• Guinea worm disease is near eradication, with only 14 human cases globally in 2023. We are working with the Carter Center, in-country partners, and local communities to eradicate the disease, which is transmitted to humans via water sources that are contaminated with the parasitic worm Dracunculus medinensis.

We support efforts to develop coordinated and integrated strategies to address multiple infectious diseases at the same time, focusing on three main areas:

We support efforts to develop coordinated and integrated strategies to address multiple infectious diseases at the same time, focusing on three main areas:

  • Mass drug administration. We support efforts in regions with a prevalence of several infectious diseases that can be treated with the same drugs or a similar schedule of treatments. Our work includes obtaining pharmaceutical donations to support large-scale drug administration programs. Five of our target NTDs can be controlled in this way: river blindness, lymphatic filariasis, soil-transmitted helminthiases, snail fever, and trachoma.
  • Public health surveillance. Good data is crucial—including data showing where a disease is prevalent in humans and where it’s found in mosquitoes, flies, worms, or other vectors. This data is lacking for many NTDs, so we look for shared approaches to sample collection and processing and support data aggregation and the design of surveillance systems and precision mapping to pinpoint populations that are at risk. Two of our target NTDs—sleeping sickness and black fever—can be controlled by screening at-risk populations and treating infected individuals.
  • Vector control. Most NTDs are caused or spread by insects or worms, which are costly and difficult to control. However, control measures are similar for all of these vectors, creating the opportunity to coordinate across multiple efforts. To improve coverage, we support the development of a framework for cross-disease coordination, including integrating NTD and non-NTD tools. For instance, the same diagnostic test could be used for sleeping sickness and malaria.
Why focus on neglected tropical diseases?

Why focus on neglected tropical diseases?

NTDs affect around one in five people globally, often in the lowest-income and remotest communities.

This often keeps a prosperous life out of reach, results in children missing school, and deprives millions of their most productive years of life. It can plunge communities into an endless cycle of poverty, costing countries billions of dollars annually in lost income and direct health costs.

Eliminating NTDs can improve lives, expand educational opportunities, spur economic development, and ensure greater social stability.

Growing resolve within the public and private sectors has accelerated progress on NTDs. In 2020, 600 million fewer people needed NTD interventions than in 2010. These gains can be largely attributed to the leadership of endemic countries and strong global partnerships that support the goals of NTD programs.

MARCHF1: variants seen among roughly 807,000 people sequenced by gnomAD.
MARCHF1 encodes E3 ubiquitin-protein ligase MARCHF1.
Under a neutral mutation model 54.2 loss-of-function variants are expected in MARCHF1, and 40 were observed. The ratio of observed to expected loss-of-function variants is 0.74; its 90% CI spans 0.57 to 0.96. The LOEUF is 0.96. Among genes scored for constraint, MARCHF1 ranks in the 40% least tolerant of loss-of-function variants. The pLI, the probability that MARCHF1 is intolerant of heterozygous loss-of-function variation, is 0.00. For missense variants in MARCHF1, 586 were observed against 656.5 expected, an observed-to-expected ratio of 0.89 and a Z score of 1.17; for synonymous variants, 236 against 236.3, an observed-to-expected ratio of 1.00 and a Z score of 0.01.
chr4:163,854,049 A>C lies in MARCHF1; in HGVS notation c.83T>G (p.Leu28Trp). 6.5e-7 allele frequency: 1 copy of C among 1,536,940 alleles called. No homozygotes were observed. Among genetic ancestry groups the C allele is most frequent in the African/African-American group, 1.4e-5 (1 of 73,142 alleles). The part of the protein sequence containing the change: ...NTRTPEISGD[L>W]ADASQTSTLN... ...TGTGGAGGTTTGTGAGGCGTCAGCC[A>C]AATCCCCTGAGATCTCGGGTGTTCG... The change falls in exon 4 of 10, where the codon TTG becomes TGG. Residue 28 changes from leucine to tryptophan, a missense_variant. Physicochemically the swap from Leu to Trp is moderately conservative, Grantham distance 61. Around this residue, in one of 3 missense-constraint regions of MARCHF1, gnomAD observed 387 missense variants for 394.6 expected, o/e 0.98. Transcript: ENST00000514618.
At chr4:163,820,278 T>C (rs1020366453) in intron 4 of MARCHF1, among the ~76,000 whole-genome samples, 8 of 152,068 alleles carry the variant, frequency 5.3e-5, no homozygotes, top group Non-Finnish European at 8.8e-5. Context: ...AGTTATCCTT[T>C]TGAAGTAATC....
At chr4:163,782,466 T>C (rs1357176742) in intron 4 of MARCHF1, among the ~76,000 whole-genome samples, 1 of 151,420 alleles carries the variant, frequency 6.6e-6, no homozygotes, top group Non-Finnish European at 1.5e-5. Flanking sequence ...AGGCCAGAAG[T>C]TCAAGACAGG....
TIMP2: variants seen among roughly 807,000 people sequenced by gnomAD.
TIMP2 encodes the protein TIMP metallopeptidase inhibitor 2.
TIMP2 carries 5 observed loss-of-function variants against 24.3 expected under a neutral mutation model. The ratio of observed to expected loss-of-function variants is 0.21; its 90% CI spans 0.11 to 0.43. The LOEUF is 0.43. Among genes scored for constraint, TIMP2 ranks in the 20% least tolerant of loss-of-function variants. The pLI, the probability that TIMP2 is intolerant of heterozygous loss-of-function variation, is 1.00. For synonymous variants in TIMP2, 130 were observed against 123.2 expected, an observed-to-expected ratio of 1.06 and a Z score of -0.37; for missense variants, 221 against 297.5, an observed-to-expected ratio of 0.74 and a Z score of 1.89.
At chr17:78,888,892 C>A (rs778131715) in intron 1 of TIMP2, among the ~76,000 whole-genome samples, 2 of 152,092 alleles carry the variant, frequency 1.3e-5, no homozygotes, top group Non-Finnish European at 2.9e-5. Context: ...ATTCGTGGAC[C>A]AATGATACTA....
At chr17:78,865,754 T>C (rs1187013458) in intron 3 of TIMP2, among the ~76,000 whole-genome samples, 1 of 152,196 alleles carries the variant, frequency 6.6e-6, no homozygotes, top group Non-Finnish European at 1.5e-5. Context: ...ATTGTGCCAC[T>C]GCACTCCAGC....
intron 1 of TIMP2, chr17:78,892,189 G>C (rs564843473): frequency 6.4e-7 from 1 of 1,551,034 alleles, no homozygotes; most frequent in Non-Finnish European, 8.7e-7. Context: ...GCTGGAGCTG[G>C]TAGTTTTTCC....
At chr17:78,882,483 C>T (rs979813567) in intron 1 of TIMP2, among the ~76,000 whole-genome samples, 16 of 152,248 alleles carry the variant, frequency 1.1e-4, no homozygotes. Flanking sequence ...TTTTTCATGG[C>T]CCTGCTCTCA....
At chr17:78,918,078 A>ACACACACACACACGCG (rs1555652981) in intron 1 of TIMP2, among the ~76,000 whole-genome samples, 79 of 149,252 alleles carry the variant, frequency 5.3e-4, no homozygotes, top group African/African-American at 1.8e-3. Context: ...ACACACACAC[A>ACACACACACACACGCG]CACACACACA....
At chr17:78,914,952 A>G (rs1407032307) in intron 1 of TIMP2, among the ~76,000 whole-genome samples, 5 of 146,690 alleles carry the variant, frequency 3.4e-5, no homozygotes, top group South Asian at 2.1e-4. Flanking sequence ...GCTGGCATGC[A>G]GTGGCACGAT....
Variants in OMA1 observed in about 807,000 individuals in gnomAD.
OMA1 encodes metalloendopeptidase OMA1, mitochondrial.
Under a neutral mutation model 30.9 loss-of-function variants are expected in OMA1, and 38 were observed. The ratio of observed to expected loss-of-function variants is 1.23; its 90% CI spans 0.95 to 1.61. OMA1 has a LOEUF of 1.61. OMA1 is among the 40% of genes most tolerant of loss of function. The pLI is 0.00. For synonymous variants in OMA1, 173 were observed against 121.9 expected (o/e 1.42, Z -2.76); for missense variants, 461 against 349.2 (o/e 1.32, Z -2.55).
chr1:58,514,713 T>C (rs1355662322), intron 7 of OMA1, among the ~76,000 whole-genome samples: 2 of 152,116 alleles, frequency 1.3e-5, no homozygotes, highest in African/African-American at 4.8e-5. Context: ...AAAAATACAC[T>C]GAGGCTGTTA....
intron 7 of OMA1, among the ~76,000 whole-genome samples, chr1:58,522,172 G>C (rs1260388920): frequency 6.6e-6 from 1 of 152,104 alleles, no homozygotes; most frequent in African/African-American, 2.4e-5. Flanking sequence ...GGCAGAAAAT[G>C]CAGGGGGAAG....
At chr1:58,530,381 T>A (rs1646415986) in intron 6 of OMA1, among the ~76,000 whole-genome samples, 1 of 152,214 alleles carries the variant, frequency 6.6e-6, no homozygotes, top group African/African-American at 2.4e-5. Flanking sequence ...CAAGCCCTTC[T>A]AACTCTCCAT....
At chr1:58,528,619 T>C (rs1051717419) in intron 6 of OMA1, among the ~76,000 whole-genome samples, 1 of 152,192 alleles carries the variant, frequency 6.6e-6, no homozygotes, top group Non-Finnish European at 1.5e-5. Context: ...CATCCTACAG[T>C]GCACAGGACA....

In 2012, our foundation joined governments, pharmaceutical companies, and other philanthropies and organizations to launch the London Declaration on Neglected Tropical Diseases, catalyzing the political will needed to control, eliminate, or eradicate 10 NTDs.

In 2022, leaders came together again to launch the Kigali Declaration on NTDs, which built on the commitments made in London and galvanized financial commitment and endorsement from 62 signatories to help achieve the goals in the World Health Organization’s 2021–2030 NTD roadmap.

Since 2012:

  • 50 countries have eliminated at least one NTD.
  • Pharmaceutical companies have donated 17 billion tablets to prevent and treat NTDs.

Through this kind of resolve, the world can beat NTDs once and for all.

Safi Boubacar, 40 years old with her son Manssour Boubacar, 3 years in the village of Toumandey, Dosso region, Niger on April 23, 2017. Manssour has just received the polio vaccination Biopolio B1/3, albendazole, a medication used for the treatment of a variety of parasitic worm infestations and a vitamin A oral liquid preparation.

A mother and son in the village of Toumandey, Niger.
Strategy leadership

Strategy leadership

Our partners

Our partners

Uniting to Combat NTDs
Uniting to Combat NTDs is a coalition of organizations that provides funding, expertise, and resources to support the control and elimination of NTDs.
The END Fund
The END Fund is a nonprofit organization dedicated to ending NTDs through programs including its Accelerate Resilient, Innovative, and Sustainable Elimination of NTDs (ARISE) Fund.
The Carter Center
We support the Carter Center’s international campaign to eradicate Guinea worm disease in humans and animals by the end of 2030.
We support the Sightsavers Accelerate program, which works to eliminate trachoma, the world’s leading infectious cause of blindness, from Africa.
We provide support for DNDi’s research on sleeping sickness and black fever and its efforts to develop better, low-cost treatments for these diseases.
Global Institute for the Elimination of Infectious Diseases (GLIDE)
GLIDE works to advance policies to combat infectious diseases in the Middle East, neighboring countries, and globally and advocates for universal access to routine immunization for children.
Speak Up Africa
We provide strategic advocacy support to Speak Up Africa to accelerate progress on the control and elimination of malaria and NTDs, improved sanitation, and health R&D in West Africa.